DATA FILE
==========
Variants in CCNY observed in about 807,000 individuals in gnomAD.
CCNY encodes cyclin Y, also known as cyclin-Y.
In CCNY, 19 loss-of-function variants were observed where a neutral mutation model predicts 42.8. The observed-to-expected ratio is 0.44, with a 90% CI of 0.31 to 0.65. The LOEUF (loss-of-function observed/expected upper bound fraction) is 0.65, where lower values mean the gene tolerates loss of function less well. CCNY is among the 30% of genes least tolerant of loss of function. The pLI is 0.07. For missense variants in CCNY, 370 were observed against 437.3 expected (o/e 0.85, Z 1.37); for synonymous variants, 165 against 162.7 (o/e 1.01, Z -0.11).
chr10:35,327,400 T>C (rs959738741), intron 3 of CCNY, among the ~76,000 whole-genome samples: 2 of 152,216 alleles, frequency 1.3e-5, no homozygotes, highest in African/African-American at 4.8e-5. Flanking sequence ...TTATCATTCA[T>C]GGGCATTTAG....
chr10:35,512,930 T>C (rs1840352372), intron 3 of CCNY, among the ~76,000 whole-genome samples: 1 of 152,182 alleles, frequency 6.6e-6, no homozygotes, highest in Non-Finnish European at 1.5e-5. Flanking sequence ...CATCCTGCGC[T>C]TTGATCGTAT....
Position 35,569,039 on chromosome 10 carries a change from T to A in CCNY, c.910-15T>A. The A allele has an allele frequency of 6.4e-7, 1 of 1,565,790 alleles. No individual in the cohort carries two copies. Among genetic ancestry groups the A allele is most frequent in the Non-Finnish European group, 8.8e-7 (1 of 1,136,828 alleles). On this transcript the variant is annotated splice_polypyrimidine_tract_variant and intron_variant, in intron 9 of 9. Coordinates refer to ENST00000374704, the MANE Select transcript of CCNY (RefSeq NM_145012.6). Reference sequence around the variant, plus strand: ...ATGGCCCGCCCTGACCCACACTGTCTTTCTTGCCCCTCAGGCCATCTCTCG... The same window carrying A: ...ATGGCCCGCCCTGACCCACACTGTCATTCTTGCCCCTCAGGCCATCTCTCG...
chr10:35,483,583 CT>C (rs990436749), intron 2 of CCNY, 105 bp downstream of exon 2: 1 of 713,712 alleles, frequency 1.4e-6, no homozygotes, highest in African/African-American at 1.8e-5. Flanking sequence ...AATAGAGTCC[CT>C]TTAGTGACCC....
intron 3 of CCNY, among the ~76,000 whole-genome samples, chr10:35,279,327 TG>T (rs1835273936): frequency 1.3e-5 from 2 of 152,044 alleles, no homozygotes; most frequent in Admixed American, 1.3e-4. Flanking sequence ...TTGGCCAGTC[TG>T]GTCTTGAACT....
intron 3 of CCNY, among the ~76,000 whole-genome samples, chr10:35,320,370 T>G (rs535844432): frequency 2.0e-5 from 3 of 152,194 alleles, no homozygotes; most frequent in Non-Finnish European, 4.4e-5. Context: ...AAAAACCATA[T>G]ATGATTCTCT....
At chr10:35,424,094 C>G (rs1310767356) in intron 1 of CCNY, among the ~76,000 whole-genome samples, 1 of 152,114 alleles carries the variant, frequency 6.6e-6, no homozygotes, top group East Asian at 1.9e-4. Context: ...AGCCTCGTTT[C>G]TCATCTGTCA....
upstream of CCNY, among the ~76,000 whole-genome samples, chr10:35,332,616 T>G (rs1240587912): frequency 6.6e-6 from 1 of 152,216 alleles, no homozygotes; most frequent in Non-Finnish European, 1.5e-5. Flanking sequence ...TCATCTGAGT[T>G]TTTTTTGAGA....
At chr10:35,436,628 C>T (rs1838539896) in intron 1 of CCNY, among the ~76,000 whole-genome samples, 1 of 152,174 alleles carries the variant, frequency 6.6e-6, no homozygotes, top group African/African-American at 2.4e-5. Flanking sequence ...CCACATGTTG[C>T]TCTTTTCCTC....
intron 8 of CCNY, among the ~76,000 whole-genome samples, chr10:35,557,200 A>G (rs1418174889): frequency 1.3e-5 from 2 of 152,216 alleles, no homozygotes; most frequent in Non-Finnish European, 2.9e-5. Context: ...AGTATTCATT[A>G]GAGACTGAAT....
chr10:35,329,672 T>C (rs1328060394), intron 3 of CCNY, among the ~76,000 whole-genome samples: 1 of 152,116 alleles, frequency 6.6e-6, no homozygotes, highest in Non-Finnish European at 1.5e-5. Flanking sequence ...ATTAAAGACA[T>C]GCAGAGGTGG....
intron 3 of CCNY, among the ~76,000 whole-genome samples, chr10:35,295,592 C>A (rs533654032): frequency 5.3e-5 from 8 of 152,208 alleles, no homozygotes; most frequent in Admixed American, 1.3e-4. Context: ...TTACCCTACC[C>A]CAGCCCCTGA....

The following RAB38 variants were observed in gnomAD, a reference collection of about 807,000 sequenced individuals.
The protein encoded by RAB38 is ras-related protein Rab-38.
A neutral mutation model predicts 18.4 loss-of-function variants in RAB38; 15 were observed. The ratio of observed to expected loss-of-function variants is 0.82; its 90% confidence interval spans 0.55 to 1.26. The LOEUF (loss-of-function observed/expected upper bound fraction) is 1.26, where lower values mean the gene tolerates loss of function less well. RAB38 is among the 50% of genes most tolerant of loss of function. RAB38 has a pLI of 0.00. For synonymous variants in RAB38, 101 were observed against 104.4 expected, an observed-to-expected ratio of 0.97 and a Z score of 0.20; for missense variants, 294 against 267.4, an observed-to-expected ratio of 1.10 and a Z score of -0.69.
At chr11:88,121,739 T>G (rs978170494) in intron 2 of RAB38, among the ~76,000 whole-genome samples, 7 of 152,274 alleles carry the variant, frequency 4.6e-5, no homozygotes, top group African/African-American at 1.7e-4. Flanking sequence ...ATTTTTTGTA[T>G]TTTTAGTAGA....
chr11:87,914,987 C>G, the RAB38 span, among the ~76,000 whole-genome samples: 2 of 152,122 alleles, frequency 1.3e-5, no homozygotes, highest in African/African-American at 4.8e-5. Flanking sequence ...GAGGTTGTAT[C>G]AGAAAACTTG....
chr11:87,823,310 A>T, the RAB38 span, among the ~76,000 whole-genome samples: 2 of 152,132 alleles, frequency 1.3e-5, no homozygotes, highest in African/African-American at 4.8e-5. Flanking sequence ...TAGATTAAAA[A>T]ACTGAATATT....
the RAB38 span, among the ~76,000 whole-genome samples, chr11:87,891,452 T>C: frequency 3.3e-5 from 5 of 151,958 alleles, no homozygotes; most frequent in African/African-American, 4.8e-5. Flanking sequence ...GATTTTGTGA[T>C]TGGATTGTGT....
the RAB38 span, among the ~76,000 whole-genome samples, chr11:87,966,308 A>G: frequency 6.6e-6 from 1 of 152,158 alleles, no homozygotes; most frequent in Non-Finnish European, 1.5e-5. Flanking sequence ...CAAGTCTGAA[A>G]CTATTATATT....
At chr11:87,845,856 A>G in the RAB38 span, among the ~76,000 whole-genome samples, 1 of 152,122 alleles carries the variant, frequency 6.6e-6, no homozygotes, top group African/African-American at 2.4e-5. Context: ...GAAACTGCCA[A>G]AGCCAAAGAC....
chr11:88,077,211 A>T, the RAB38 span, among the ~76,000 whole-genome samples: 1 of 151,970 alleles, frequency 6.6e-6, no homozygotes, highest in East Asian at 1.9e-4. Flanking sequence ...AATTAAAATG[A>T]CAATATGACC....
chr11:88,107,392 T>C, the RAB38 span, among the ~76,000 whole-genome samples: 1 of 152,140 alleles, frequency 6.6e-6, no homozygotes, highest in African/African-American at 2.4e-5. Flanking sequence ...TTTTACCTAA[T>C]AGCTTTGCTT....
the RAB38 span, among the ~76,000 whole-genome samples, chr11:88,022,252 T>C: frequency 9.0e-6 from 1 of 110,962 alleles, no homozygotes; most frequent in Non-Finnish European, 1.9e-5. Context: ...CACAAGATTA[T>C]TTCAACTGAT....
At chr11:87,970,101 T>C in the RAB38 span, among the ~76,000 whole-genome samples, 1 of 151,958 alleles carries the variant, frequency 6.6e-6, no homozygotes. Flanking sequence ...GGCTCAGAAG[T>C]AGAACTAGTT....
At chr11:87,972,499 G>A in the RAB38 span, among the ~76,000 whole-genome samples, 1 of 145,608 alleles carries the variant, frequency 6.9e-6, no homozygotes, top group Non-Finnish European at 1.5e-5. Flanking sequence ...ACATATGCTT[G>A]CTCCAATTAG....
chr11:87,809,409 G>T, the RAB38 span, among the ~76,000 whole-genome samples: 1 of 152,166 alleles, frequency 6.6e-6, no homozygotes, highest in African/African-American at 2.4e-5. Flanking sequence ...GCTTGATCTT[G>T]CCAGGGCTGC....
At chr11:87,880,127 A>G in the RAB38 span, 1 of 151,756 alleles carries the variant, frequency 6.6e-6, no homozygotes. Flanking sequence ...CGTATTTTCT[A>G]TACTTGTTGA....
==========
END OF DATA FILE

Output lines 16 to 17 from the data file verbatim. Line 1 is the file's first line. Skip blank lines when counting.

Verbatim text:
The following RAB38 variants were observed in gnomAD, a reference collection of about 807,000 sequenced individuals.
The protein encoded by RAB38 is ras-related protein Rab-38.